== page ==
Many have said that not all is not solved in the Euro-Zone. In fact, despite the ongoing rhetoric from the ECB that they stand ready to “do anything,” in reality they have done little to this point other than just talk the markets higher. While that has worked to a large degree to suppress rising interest rates on debt burdened Euro-Zone countries there has been no progress on the“unification” of the Euro-Zone or a resolution to its mounting debt problems.

Three Problems That Still Exist

There are still three major problems with the Euro-zone that, without fixing, will lead to the next chapter in the ongoing Euro-zone saga.

1) Lack of a constitutional and monetary union.

2) Lack of centralized fiscal and monetary policy controls.

3) Lack of centralized leadership.

The lack of a centralized constitutional and monetary union has led to several years of inaction in the process of unification of the Euro-zone. While it was a “grand experiment” to run the Euro-zone under a single currency the underlying structure to make it effective long term was never achieved. The U.S. is a monetary union under which all state governments act under the central authority of the government and the central bank. The problem for the Euro-zone is that their are 27 leaders and no followers. This is why fiscal reforms remain elusive and each and every promise made by the individual governments to the ECB and IMF for assistance eventually fail.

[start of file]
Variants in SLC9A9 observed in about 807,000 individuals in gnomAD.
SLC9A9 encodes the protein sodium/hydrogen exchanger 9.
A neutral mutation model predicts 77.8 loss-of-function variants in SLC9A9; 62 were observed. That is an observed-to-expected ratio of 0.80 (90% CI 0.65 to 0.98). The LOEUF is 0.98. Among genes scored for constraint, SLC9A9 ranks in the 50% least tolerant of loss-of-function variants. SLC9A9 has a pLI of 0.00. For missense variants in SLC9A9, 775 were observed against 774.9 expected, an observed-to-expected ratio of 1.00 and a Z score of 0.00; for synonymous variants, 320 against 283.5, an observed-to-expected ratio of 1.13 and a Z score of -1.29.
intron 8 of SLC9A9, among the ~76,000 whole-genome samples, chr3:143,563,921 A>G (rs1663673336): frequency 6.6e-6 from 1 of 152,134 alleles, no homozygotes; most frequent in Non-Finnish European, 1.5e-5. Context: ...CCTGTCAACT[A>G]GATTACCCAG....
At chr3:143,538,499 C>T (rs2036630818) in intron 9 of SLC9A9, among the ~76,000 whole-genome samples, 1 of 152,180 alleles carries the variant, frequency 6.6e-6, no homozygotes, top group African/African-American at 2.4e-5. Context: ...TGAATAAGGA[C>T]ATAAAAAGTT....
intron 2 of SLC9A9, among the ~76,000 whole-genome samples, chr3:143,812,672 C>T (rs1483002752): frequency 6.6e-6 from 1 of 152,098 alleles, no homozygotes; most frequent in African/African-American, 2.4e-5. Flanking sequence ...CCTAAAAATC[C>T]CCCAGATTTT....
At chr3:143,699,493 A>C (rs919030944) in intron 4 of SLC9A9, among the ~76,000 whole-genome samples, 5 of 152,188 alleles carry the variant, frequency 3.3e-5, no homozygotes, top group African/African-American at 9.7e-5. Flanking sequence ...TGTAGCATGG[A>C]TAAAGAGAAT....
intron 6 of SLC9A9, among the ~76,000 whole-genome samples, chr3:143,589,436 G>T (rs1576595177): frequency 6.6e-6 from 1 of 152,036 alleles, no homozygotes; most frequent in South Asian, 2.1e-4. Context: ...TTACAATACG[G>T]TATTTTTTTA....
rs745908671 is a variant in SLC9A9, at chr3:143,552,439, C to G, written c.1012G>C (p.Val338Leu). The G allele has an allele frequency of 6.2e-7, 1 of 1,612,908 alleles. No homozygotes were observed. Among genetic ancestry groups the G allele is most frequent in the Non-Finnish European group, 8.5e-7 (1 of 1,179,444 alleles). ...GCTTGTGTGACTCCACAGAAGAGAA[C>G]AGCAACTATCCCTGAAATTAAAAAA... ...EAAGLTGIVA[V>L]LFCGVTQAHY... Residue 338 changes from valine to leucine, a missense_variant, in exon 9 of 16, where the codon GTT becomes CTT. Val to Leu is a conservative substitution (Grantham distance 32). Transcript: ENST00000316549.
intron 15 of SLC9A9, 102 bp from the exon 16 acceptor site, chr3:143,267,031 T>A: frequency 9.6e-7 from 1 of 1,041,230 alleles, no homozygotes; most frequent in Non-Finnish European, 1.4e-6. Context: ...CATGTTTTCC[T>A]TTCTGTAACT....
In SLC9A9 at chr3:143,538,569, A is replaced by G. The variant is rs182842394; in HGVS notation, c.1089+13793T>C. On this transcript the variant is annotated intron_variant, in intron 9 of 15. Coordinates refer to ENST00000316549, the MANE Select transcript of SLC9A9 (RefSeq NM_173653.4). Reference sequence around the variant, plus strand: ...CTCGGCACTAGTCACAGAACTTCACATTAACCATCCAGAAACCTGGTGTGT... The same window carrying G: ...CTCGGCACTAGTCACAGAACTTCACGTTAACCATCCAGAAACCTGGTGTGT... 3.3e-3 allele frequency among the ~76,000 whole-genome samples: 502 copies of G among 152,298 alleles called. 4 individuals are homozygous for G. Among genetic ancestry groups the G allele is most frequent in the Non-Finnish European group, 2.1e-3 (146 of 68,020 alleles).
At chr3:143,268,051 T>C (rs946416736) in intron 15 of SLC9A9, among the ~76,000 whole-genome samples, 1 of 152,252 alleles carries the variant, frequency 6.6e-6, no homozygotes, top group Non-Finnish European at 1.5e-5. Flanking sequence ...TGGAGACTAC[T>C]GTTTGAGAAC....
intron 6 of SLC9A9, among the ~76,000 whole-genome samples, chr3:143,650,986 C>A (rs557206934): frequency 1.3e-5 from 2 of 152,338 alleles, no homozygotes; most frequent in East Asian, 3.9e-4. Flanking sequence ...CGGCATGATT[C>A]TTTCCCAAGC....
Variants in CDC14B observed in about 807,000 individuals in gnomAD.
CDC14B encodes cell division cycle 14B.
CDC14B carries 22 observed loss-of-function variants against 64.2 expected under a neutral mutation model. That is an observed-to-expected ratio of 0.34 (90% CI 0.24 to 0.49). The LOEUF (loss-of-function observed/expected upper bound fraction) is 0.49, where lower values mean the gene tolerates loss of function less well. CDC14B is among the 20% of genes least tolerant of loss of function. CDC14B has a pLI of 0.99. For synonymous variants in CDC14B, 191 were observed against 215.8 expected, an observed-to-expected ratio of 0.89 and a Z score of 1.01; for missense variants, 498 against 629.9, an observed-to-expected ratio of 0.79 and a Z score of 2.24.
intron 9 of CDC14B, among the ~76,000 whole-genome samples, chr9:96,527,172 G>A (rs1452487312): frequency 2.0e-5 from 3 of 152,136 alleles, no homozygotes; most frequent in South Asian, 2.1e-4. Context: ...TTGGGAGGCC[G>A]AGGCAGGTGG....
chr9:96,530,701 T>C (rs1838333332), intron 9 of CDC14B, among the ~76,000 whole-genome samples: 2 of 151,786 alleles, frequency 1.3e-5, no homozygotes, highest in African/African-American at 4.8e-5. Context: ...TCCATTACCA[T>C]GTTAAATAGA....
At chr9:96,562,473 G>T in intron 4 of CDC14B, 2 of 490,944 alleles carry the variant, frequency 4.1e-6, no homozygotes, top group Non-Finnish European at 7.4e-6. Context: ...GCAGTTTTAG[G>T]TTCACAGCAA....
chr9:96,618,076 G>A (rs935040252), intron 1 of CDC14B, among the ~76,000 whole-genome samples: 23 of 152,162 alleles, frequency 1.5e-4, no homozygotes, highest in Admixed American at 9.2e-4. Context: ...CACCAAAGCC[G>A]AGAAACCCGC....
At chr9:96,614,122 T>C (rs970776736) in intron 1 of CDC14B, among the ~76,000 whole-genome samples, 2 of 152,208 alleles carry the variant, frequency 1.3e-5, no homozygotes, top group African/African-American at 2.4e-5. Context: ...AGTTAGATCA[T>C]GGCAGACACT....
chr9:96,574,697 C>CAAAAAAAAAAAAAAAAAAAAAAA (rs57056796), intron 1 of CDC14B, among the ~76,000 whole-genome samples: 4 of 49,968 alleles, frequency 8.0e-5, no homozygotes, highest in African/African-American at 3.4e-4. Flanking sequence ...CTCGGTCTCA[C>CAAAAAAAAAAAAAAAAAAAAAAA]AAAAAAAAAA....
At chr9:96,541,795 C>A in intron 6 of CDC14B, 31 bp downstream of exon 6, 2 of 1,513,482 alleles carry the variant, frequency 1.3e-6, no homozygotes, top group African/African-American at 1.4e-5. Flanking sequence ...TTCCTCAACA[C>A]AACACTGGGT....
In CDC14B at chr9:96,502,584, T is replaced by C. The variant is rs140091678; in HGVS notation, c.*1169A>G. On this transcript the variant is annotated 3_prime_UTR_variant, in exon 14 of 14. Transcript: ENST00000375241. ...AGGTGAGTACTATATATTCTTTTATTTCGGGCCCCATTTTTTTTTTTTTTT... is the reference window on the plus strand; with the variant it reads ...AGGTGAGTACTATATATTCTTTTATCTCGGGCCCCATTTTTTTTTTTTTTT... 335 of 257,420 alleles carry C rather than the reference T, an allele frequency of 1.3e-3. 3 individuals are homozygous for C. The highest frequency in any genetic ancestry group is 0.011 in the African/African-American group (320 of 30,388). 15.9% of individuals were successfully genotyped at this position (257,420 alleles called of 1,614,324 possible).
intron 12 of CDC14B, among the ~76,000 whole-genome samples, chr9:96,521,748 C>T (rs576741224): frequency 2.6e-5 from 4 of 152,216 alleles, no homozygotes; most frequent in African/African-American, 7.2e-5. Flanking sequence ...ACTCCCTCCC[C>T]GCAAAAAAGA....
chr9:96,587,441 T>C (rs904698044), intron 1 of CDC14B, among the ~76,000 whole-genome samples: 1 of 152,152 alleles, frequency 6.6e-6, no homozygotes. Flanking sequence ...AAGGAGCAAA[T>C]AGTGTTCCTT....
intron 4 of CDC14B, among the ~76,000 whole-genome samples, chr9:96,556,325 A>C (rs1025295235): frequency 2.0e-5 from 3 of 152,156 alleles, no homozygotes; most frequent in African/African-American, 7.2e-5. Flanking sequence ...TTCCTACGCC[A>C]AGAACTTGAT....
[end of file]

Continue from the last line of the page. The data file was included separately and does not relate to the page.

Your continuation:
The problem for the Euro-zone is that without a centralized leadership with the ability to issue its own debt, strong fiscal/monetary policy tools and a central bank with a “printing press” to support it, the survival of the Euro-zone in the long term is likely doomed. Eventually, smaller countries will want to withdraw from the Euro due to the pressures of austerity requirements or Germany will decide to quit bailing out bad behavior at the own country’s expense. The problem then becomes who is going to make good on all the debt held, and guaranteed by, the ECB?

There are currently many promises that have been made to the financial system by the ECB. The question is whether or not they can ultimately “cash the check.” While I do not have certain answers as to the where, the who or the when – I am fairly confident that it will be sooner than we currently imagine. I do believe that the ECB will be able to skirt by the ratification of the ESM this coming week and get some limited funding into place, however, I still believe the bigger problem comes at the end of summer when the German voters begin to voice their concerns – after all it is their money that is being wasted.

 

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